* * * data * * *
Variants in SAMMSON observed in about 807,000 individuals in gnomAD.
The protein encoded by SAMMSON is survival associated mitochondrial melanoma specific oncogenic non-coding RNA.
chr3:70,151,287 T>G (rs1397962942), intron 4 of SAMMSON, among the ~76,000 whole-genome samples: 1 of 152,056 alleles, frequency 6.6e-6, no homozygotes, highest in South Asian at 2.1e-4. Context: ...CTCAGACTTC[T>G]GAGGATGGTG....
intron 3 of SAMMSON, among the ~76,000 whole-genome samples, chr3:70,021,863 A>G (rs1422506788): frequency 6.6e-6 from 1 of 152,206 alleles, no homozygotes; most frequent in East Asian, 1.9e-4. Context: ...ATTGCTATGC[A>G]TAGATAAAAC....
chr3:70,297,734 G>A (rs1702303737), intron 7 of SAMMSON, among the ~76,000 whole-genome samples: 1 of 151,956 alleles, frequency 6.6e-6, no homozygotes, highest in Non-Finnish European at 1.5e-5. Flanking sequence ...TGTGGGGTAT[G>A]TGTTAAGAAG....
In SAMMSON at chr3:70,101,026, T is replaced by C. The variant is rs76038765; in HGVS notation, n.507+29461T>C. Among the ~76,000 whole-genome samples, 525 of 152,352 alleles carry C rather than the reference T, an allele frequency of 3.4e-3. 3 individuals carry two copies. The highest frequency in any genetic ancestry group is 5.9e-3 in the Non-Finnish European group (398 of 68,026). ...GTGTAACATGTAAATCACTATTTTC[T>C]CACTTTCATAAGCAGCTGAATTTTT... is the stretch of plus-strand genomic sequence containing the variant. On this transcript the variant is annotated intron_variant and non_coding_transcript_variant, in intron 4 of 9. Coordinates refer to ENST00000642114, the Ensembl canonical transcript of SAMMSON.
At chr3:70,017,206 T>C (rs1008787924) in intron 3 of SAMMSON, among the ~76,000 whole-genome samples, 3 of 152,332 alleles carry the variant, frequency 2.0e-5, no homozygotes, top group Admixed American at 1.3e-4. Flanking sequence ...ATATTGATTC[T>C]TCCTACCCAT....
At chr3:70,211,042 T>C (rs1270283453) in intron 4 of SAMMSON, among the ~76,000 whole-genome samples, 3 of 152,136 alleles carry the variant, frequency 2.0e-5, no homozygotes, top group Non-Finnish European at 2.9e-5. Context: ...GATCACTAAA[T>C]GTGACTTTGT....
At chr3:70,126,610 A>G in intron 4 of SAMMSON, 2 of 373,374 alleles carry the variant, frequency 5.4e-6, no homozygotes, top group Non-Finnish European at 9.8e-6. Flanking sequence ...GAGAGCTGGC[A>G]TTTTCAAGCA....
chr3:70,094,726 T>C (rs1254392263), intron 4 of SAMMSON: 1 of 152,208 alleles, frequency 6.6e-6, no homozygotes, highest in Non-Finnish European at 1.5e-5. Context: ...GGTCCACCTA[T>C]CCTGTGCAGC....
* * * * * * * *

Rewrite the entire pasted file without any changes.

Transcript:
Variants in SAMMSON observed in about 807,000 individuals in gnomAD.
The protein encoded by SAMMSON is survival associated mitochondrial melanoma specific oncogenic non-coding RNA.
chr3:70,151,287 T>G (rs1397962942), intron 4 of SAMMSON, among the ~76,000 whole-genome samples: 1 of 152,056 alleles, frequency 6.6e-6, no homozygotes, highest in South Asian at 2.1e-4. Context: ...CTCAGACTTC[T>G]GAGGATGGTG....
intron 3 of SAMMSON, among the ~76,000 whole-genome samples, chr3:70,021,863 A>G (rs1422506788): frequency 6.6e-6 from 1 of 152,206 alleles, no homozygotes; most frequent in East Asian, 1.9e-4. Context: ...ATTGCTATGC[A>G]TAGATAAAAC....
chr3:70,297,734 G>A (rs1702303737), intron 7 of SAMMSON, among the ~76,000 whole-genome samples: 1 of 151,956 alleles, frequency 6.6e-6, no homozygotes, highest in Non-Finnish European at 1.5e-5. Flanking sequence ...TGTGGGGTAT[G>A]TGTTAAGAAG....
In SAMMSON at chr3:70,101,026, T is replaced by C. The variant is rs76038765; in HGVS notation, n.507+29461T>C. Among the ~76,000 whole-genome samples, 525 of 152,352 alleles carry C rather than the reference T, an allele frequency of 3.4e-3. 3 individuals carry two copies. The highest frequency in any genetic ancestry group is 5.9e-3 in the Non-Finnish European group (398 of 68,026). ...GTGTAACATGTAAATCACTATTTTC[T>C]CACTTTCATAAGCAGCTGAATTTTT... is the stretch of plus-strand genomic sequence containing the variant. On this transcript the variant is annotated intron_variant and non_coding_transcript_variant, in intron 4 of 9. Coordinates refer to ENST00000642114, the Ensembl canonical transcript of SAMMSON.
At chr3:70,017,206 T>C (rs1008787924) in intron 3 of SAMMSON, among the ~76,000 whole-genome samples, 3 of 152,332 alleles carry the variant, frequency 2.0e-5, no homozygotes, top group Admixed American at 1.3e-4. Flanking sequence ...ATATTGATTC[T>C]TCCTACCCAT....
At chr3:70,211,042 T>C (rs1270283453) in intron 4 of SAMMSON, among the ~76,000 whole-genome samples, 3 of 152,136 alleles carry the variant, frequency 2.0e-5, no homozygotes, top group Non-Finnish European at 2.9e-5. Context: ...GATCACTAAA[T>C]GTGACTTTGT....
At chr3:70,126,610 A>G in intron 4 of SAMMSON, 2 of 373,374 alleles carry the variant, frequency 5.4e-6, no homozygotes, top group Non-Finnish European at 9.8e-6. Flanking sequence ...GAGAGCTGGC[A>G]TTTTCAAGCA....
chr3:70,094,726 T>C (rs1254392263), intron 4 of SAMMSON: 1 of 152,208 alleles, frequency 6.6e-6, no homozygotes, highest in Non-Finnish European at 1.5e-5. Context: ...GGTCCACCTA[T>C]CCTGTGCAGC....